Thank you for choosing  JFFS and NHFC.  For Parents/Caregivers, we are aware of the commitment fencing can be and appreciate the support you provide for both your athlete, our staff and other club members as we work towards achieving their goals.  Our door is always open should you wish to discuss any aspect of your athlete’s progress and development.  We are best reached via e-mail or would be pleased to arrange a time to meet before or after training time.  You and your family are always welcome into our training facility.  While fencing is an individual sport, we are all part of the same club.  No athlete has ever made it to the pinnacle of their respective sport alone.  The JFFS welcomes and encourages families, supporters and spectators to attend competitions and events.

Please keep the following spectator code of conduct in mind when attending any practices, events or competitions. 


‘Esprit de Corps’

A feeling of pride and mutual loyalty shared by the members of our Team.


You are welcome to watch practices however; we ask that you adhere to the following rules and guidelines: 

  1. Please remain in the designated viewing area at all times.  Only fencers, coaches and appropriate officials are allowed in the gym or on piste areas.
  2. When younger children come along, please ensure that they are supervised and remain within the spectator area.  This is a safety issue. 
  3. Please refrain from communicating with fencers or coaches from the spectator area.  Encouraging fencers is welcomed, however DON’ BE A SIDE LINE COACH. 
  4. Respect the gym environment by leaving any viewing areas in a tidy state including picking up all rubbish and any belongings. 


  1. NHFC and JFFS ( JF Fencing School)encourages good sportsmanship.  Fencing is both an  INDIVIDUAL and TEAM sport. 
  2. Remember that all coaching decisions are made in the best interests of the athlete and the team. 
  3. We have ZERO TOLERANCE to spectators making negative or derogatory comments about fencers, parents, coaches, or any JFFS and NHFC committee member. This includes over all social networking sites. 
  4. Please ensure you are a role model for good sportsmanship by encouraging and supporting all fencers, teams and coaches.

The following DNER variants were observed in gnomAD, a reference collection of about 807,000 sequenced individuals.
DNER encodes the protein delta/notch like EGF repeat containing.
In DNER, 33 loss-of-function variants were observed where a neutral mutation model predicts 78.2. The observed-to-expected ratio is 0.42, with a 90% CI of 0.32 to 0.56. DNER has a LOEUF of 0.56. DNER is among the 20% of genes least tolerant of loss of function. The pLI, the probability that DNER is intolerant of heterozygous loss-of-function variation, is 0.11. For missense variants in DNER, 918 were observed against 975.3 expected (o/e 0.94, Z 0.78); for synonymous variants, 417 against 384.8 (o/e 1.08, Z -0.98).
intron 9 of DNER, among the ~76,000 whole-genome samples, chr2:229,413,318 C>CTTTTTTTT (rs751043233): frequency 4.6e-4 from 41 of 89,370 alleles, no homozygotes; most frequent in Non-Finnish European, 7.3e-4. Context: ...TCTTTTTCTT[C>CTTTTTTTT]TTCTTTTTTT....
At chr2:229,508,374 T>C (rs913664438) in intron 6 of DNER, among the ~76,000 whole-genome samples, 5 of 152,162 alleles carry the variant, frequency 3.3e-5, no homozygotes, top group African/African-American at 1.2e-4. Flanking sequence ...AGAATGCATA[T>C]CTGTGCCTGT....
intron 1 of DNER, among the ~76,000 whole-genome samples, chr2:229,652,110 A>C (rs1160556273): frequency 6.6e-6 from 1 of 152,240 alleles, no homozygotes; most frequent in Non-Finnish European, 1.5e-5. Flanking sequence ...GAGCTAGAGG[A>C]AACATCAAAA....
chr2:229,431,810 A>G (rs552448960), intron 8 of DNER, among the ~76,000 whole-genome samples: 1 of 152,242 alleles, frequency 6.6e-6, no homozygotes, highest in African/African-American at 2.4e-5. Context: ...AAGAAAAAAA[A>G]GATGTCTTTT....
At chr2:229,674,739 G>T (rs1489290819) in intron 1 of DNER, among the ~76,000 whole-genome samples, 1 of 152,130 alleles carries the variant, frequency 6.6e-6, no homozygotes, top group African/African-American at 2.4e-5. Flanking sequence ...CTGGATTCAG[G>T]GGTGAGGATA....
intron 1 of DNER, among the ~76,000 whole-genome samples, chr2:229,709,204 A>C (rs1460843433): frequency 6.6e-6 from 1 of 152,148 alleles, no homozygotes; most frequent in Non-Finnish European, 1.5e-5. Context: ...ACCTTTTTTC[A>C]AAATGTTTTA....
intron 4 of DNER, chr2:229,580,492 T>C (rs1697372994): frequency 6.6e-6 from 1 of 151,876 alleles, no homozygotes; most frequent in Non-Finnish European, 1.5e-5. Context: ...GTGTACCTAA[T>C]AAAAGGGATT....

1. For our younger members, it is parent’s responsibility to stay informed. Check your email and website (Facebook page) regularly. If you aren’t receiving emails, please contact the secretary of NHFC. 
  2.  JFFS and NHFC values your constructive feedback, (both positive and negative).  We ask that you refer any issues, queries or questions directly to NHFC using the correct procedures. 
    1. For issues pertaining to fencer development, training, results or competition, please speak to your coach after class, or email.
    2. For issues regarding the organisation or club, please refer to the President of the NHFC.



  1. NHFC and JFFS Fencers and Fencing North recognise you may participate in social media in your own personal time. If, however, during your participation in a social media activity, you reference your association with NHFC an JFFS, Fencing North or any other related entity or make comments or include content about NHFC or JFFS, Fencing North, associated entities, affiliated person or any of their affairs, you are required to adhere to the following: 
    1. Do not post content that may damage the reputation or interests of NHFC , JFFS, Fencing North or an affiliated person, whether intentionally or unintentionally.
    2. Please be polite- avoid hostile communications or credibility attacks. Keep all comments respectful and informative. 
    3. Do not attribute any content or comments you may post to NHFC, JFFS, or any affiliated person nor represent any content or comments as being endorsed by same. 
    4. Do not post content or images that harass, are inappropriate, adverse, offensive, discriminatory, intimidating or are otherwise demeaning, defamatory or disparaging about any person or organisation. For the avoidance of doubt this includes videos, comments or images regarding falls, “fails”, accidents, physical injury and negative posts regarding competition results or outcomes. 
    5. Only post accurate and truthful content. You must correct any errors or remove any offending/inaccurate posts immediately if requested to do so.